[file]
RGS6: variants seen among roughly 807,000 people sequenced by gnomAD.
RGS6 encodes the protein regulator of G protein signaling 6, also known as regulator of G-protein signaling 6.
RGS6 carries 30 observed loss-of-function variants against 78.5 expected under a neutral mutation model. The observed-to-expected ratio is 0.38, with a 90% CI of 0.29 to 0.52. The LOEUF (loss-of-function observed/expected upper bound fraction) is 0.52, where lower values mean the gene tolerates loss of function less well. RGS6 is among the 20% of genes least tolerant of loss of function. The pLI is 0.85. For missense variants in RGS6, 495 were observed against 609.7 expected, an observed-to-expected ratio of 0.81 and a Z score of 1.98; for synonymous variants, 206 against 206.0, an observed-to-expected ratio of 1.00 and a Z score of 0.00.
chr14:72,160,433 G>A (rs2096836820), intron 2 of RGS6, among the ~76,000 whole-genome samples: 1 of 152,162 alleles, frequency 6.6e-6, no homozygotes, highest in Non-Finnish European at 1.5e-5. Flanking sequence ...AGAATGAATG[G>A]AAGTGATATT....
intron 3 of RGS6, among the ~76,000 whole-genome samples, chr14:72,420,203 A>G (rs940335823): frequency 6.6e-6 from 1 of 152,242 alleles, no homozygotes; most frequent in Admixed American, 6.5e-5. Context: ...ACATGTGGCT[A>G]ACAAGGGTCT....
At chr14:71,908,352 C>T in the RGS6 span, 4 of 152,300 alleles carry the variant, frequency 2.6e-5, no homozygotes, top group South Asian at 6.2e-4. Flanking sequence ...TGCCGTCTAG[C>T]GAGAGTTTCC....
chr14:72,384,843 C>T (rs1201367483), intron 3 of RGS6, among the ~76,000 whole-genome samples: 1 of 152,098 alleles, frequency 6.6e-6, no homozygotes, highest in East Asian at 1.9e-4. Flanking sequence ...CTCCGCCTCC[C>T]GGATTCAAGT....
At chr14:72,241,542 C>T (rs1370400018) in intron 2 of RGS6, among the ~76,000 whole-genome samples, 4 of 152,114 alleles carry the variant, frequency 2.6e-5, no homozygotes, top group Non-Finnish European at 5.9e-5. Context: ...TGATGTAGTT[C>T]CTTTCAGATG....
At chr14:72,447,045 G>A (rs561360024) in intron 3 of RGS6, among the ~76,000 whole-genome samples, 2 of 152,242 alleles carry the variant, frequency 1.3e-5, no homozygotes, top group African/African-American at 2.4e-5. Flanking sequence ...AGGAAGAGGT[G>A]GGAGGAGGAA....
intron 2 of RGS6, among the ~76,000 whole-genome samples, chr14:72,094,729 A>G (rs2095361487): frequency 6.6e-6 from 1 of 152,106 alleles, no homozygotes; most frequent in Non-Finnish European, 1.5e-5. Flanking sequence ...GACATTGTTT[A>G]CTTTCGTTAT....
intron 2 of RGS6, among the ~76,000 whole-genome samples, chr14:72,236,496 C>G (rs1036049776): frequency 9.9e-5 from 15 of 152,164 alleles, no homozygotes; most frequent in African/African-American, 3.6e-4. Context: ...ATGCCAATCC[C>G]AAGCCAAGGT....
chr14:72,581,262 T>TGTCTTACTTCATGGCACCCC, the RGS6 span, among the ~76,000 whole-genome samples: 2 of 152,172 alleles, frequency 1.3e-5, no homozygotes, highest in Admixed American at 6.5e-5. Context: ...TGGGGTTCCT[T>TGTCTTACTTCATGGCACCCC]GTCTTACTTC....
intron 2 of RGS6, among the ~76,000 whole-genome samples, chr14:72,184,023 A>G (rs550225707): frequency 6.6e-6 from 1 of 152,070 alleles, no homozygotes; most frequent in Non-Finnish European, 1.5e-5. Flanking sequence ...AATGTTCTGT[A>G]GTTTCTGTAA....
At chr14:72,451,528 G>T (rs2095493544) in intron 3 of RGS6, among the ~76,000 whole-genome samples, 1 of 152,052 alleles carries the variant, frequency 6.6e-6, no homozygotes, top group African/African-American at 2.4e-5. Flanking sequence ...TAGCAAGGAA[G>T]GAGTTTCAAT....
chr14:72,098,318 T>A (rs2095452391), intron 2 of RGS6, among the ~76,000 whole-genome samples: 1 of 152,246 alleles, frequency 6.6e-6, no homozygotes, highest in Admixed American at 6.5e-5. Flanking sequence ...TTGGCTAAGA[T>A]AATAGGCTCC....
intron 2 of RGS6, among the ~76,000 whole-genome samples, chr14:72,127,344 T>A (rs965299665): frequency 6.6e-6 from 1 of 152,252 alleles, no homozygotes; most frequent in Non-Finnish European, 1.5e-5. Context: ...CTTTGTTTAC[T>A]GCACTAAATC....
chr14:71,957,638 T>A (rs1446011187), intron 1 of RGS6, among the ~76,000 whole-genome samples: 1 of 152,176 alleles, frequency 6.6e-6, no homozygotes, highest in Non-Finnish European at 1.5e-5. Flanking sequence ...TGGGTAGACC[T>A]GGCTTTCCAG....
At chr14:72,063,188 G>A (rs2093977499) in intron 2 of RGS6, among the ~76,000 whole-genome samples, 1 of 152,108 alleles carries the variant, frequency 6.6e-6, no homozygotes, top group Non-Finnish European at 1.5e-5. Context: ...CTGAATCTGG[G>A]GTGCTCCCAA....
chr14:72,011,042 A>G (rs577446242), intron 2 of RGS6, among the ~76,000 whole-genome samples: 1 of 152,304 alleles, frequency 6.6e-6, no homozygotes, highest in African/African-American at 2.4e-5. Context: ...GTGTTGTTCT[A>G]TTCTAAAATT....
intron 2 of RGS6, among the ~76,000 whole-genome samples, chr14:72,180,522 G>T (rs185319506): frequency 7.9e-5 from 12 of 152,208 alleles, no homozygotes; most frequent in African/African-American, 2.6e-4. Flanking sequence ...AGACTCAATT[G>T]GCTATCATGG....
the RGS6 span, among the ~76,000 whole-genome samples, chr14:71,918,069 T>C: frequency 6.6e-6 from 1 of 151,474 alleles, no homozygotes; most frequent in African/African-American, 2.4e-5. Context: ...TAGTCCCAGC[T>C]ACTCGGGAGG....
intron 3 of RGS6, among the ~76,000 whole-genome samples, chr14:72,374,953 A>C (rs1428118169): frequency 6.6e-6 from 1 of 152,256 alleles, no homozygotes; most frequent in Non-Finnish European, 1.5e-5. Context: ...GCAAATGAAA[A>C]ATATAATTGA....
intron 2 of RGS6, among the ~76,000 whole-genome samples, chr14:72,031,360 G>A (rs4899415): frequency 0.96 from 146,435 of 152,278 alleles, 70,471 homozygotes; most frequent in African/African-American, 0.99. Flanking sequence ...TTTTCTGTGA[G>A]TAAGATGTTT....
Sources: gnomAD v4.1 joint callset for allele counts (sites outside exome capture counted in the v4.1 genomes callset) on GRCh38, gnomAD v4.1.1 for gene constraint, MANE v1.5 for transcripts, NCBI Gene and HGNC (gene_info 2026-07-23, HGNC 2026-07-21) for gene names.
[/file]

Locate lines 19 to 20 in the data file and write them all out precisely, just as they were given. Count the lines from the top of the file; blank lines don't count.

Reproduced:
chr14:72,011,042 A>G (rs577446242), intron 2 of RGS6, among the ~76,000 whole-genome samples: 1 of 152,304 alleles, frequency 6.6e-6, no homozygotes, highest in African/African-American at 2.4e-5. Context: ...GTGTTGTTCT[A>G]TTCTAAAATT....
intron 2 of RGS6, among the ~76,000 whole-genome samples, chr14:72,180,522 G>T (rs185319506): frequency 7.9e-5 from 12 of 152,208 alleles, no homozygotes; most frequent in African/African-American, 2.6e-4. Flanking sequence ...AGACTCAATT[G>T]GCTATCATGG....